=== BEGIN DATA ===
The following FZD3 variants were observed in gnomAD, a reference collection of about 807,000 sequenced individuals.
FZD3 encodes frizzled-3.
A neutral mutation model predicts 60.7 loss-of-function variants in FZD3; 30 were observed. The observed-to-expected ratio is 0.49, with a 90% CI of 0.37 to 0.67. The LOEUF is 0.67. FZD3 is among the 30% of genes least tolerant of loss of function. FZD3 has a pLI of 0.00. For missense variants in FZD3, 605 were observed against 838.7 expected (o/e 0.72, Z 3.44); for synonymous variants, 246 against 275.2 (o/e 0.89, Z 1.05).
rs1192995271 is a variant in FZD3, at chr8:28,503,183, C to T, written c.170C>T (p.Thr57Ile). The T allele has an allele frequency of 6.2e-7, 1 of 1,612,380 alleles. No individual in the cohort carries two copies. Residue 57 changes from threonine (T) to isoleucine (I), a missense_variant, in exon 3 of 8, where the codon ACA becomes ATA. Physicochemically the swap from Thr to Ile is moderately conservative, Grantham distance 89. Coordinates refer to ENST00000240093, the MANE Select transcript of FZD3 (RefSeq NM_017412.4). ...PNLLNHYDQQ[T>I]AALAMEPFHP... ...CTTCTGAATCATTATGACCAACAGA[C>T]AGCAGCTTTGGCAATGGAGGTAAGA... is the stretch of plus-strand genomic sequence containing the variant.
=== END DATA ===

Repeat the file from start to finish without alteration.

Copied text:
The following FZD3 variants were observed in gnomAD, a reference collection of about 807,000 sequenced individuals.
FZD3 encodes frizzled-3.
A neutral mutation model predicts 60.7 loss-of-function variants in FZD3; 30 were observed. The observed-to-expected ratio is 0.49, with a 90% CI of 0.37 to 0.67. The LOEUF is 0.67. FZD3 is among the 30% of genes least tolerant of loss of function. FZD3 has a pLI of 0.00. For missense variants in FZD3, 605 were observed against 838.7 expected (o/e 0.72, Z 3.44); for synonymous variants, 246 against 275.2 (o/e 0.89, Z 1.05).
rs1192995271 is a variant in FZD3, at chr8:28,503,183, C to T, written c.170C>T (p.Thr57Ile). The T allele has an allele frequency of 6.2e-7, 1 of 1,612,380 alleles. No individual in the cohort carries two copies. Residue 57 changes from threonine (T) to isoleucine (I), a missense_variant, in exon 3 of 8, where the codon ACA becomes ATA. Physicochemically the swap from Thr to Ile is moderately conservative, Grantham distance 89. Coordinates refer to ENST00000240093, the MANE Select transcript of FZD3 (RefSeq NM_017412.4). ...PNLLNHYDQQ[T>I]AALAMEPFHP... ...CTTCTGAATCATTATGACCAACAGA[C>T]AGCAGCTTTGGCAATGGAGGTAAGA... is the stretch of plus-strand genomic sequence containing the variant.